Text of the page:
I know it doesn’t matter much, but that bit about the investigation in Petrobras is a gigantic joke.
    She would be promising to investigate a corruption scheme that has survived for decades and in the last 10 years has diverted billions upon billions to the point that a monopolistic oil company is loosing money hand over fist (this is probably the first time in history this has happened in this scale).
    So yeah, that investigation is gonna be awesome. It will be done in the year 2000never.

  13. trotter said on 16th April 2014, 4:22

    It’s interesting that Russia is getting sanctioned, when there’s a civil war in Ukraine, started by NATO funded Ukrainian extremists and foreign NATO operatives. Seems NATO wants to have a base in Ukraine to continue its attempt of surrounding Russia. They needed to create a civil war in order to have an excuse to react. Putin’s only mistake was that he didn’t see it soon enough and interfered before the whole peaceful protest turned into a daily armed conflicts. That have now turned into a civil war, with more NATO operatives and Ukrainian fascist groups trying to exterminate all who threaten their plan.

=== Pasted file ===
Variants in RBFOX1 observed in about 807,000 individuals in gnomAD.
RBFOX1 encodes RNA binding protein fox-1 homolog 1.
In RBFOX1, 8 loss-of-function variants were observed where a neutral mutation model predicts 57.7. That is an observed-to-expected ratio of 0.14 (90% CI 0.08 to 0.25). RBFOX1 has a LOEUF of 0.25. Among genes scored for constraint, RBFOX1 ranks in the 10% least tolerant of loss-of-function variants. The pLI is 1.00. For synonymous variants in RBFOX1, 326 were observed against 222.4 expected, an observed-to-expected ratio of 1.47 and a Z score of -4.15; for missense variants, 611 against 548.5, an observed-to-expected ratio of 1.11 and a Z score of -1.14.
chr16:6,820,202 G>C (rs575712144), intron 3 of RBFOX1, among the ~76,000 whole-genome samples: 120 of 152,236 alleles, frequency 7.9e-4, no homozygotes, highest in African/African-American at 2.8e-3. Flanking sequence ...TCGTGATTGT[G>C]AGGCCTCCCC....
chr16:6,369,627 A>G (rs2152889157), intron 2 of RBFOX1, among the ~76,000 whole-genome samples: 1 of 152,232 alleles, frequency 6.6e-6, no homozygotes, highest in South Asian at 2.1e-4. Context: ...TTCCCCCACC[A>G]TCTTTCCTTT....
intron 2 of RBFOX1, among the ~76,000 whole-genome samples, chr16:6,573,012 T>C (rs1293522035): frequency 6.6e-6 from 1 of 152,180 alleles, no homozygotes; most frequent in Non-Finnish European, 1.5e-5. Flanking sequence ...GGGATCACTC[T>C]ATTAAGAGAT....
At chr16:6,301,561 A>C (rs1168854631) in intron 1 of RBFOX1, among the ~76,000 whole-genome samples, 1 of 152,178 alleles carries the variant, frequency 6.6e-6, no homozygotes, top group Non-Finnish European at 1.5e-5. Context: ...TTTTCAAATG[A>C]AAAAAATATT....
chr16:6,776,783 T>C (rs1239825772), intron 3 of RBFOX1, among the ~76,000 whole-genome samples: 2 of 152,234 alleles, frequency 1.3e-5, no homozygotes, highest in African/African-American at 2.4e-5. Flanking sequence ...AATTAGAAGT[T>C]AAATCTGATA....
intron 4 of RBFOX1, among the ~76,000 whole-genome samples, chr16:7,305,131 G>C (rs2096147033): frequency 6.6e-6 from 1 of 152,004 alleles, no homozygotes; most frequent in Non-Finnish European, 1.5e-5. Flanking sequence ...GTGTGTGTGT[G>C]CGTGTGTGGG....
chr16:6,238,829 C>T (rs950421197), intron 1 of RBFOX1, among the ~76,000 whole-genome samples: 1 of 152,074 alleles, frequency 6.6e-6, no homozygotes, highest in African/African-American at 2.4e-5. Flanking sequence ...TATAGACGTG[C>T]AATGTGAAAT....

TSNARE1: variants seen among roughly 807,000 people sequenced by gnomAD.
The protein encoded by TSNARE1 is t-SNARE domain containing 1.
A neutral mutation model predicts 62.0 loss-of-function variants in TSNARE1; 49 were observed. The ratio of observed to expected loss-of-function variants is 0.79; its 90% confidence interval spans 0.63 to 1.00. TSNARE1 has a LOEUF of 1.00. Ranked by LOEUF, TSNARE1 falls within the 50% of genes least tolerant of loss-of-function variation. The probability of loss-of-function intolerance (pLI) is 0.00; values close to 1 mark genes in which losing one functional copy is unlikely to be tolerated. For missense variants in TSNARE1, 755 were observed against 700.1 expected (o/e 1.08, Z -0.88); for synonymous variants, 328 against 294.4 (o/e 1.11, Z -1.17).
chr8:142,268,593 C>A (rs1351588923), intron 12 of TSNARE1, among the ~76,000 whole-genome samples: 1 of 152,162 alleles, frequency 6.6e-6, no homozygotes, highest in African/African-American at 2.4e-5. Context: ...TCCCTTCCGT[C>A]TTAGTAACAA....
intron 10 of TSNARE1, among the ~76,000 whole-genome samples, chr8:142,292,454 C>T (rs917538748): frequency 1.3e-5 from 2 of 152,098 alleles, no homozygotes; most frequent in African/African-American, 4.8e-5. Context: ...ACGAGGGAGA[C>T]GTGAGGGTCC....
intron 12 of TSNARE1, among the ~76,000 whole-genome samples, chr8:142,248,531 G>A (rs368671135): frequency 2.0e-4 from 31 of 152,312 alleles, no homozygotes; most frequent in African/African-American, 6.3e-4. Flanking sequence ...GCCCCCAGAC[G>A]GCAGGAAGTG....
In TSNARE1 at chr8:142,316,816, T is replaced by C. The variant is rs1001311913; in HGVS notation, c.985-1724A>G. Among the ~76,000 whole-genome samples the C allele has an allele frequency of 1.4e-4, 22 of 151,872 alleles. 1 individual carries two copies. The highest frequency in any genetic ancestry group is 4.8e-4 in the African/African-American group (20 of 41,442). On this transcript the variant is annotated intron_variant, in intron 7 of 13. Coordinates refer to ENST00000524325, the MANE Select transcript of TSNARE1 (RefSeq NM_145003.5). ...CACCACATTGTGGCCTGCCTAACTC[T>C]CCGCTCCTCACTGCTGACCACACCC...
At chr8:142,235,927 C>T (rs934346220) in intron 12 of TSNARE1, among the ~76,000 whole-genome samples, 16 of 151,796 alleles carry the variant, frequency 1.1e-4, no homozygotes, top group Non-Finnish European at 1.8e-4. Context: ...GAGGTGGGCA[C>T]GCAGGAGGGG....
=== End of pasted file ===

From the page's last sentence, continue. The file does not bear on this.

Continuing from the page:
14. GeeMac (@geemac) said on 16th April 2014, 6:04

    Moving to larger wheels and tyres doesn’t really bother me. Indy use 18 inch wheels and I think sports cars do to and I barely notice them in those series.

  15. Jueta (@eljueta) said on 16th April 2014, 6:28

    I don’t know what’s all the anger at active suspension coming from like it was some kind of witchcraft and “cars might as well drive themselves” or “it was bad then it will be bad now” kind of comments. Fact is in the 80s-90s F1 was just experimenting with active suspension with technology that seems like stone age when you compare it to today. I am all for driver input, but this aversion to technology has got to stop. There is more advanced technology in terms of ride control on an expensive saloon than in an F1 car.

    If you ask me, more electronic grip, less aerodynamics. Also less tire conservation because the car would take care of that for you. Would that be a bad thing? Food for thought.